Rob and his partners decided to be actively involved in producing their game for the next decades. He said he did not want anyone to be in control of his financial future. 

Popularity for the game increases

When McGuire took over marketing Pictionary, he applied his knowledge from his previous sales job at Selchow and Righter, where he sold games like Scrabble and Trivial Pursuit. Soon the company was flooded with orders. 

One chain store had reported that they had sold 84 Pictionary games within four hours during the Christmas period. They were unable to meet the supply as they could not produce enough games in time. They were six to eight weeks behind on orders. The delays left suppliers of the Pictionary game frustrated, with some stores being in constant short supply. 

Unable to keep up with the demand, McGuire approached Western Publishing, which agreed to produce and distribute Pictionary. They sold three million copies of the game within a year. A toy company that received a shipment of 260 games reported that they had sold out all their games the day stock arrived. 

In 1994, Hasbro acquired Western Publishing, and along with that, the rights to produce Pictionary. 

Angel and a few others hosted a game show

At that time, Angel and his gang hosted Pictionary game shows. The show saw celebrities compete in two rounds and a bonus round while citizens guessed their sketches. Here’s how contestants played the game show:

  • Round 1 – Here, teams were given some phrases and had to identify the connecting word in each of those phrases. For example, red would be the connecting word in terms like “Red Necks” and “Little Red Riding Hood.” Later games changed this round to celebrities drawing as many words and phrases as possible in 45 seconds. Each correctly guessed word was worth $100.
  • Round 2 – Here, players would sketch and have their teammates identify different connecting words within three minutes. Words were worth $100 each, and had the drawer found themselves stumped; they could pass the marker to another player in their team. Players with the most money at the end of this round would advance to the bonus round.
  • Bonus round – Here, the winning team selected a teammate to draw single words instead of phrases. Every term had a connection to the previous one. For example, “peanut-butter-bread-basket.” The first four words players guessed were worth $100 each. The following three words were $300 each. Every word correctly suggested afterward was $1000! 

Pictionary Spin-offs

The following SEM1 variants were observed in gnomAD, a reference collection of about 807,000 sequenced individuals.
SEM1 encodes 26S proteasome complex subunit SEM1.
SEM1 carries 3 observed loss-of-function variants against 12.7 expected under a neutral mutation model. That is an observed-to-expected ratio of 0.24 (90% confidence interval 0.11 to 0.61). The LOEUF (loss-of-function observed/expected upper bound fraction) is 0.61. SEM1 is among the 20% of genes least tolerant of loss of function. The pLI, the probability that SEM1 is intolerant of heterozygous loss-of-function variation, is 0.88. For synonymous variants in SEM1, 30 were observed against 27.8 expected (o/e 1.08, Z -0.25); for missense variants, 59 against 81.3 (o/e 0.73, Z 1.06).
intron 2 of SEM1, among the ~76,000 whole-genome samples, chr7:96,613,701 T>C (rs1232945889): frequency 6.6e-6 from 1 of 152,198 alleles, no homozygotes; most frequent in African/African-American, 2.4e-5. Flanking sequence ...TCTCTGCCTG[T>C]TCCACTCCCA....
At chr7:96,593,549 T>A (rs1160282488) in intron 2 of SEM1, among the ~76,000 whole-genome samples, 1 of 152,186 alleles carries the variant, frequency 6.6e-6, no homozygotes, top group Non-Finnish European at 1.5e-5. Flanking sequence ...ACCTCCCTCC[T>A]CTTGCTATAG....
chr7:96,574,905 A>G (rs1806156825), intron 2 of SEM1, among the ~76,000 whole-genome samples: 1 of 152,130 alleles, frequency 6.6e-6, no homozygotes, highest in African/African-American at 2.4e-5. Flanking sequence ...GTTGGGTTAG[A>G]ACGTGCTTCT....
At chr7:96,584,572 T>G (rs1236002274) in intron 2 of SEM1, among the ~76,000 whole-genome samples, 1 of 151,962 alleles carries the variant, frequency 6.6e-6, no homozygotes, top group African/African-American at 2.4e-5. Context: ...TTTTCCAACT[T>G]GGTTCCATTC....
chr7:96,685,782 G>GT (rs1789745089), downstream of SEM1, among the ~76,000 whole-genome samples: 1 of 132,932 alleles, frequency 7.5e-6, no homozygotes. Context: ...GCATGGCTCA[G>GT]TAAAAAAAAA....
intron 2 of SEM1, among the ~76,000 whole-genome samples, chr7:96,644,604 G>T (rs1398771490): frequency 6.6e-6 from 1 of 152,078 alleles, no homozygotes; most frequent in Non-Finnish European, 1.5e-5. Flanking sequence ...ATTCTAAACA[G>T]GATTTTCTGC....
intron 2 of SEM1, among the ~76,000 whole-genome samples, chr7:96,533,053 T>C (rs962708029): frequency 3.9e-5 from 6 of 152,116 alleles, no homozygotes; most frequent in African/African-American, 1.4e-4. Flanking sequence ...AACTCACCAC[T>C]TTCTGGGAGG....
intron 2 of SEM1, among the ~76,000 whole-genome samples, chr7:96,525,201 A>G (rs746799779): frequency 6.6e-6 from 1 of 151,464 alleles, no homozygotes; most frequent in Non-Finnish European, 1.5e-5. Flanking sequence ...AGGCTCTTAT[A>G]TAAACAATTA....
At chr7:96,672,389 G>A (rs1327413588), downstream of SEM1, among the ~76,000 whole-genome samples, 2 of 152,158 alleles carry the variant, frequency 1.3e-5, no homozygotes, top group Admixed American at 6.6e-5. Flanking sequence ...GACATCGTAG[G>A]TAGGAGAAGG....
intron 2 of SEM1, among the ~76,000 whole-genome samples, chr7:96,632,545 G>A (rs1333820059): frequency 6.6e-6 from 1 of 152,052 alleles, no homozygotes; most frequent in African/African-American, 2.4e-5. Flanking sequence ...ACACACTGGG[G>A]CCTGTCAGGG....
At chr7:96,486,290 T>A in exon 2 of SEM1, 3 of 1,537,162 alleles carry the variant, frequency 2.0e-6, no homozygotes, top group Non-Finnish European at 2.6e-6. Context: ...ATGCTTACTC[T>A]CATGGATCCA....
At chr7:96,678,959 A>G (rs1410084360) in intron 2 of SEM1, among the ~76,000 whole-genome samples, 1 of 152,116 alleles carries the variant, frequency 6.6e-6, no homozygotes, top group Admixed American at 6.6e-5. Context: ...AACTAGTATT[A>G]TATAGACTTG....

While Pictionary was in production, it began competing with several spin-offs. Angel and his team had also created alterations of the game, including Pictionary Junior and spin-off versions based on The Simpsons and the Austin Powers Franchise. Angel said he was flattered that his game inspired other variations.  

Mattel acquired Pictionary in 2001

By the year 2001, Rob Angel and His partners were ready to sell. Angel, who was now 42, was married with kids. He and his partners decided that they wanted to spend more time with their families. 

After several negotiations, they agreed to sell to Mattel for $29 million. Angel believes that he is an ordinary person who had a dream and went for it. He hopes his story can inspire others to do the same.

Last Word

You now know more about the history of Pictionary – from humble beginnings to a best-selling game. While Angel and his partners have encountered struggles, the simple idea of diving into the games industry turned out to be well worth it. 

Hopefully, this story has inspired you to take action and pursue your dreams. Who knows whether you may come up with the next biggest thing?

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This article was co-authored by our team of in-house and freelance writers, and reviewed by our editors, who enjoy sharing their knowledge about their favorite games with others!

JC Franco
Editor | + posts

JC Franco serves as a New York-based editor for Gamesver. His interest for board games centers around chess, a pursuit he began in elementary school at the age of 9. Holding a Bachelor’s degree in Business from Mercyhurst University, JC brings a blend of business acumen and creative insight to his role. Beyond his editorial endeavors, he is a certified USPTA professional, imparting his knowledge in tennis to enthusiasts across the New York City Metropolitan area.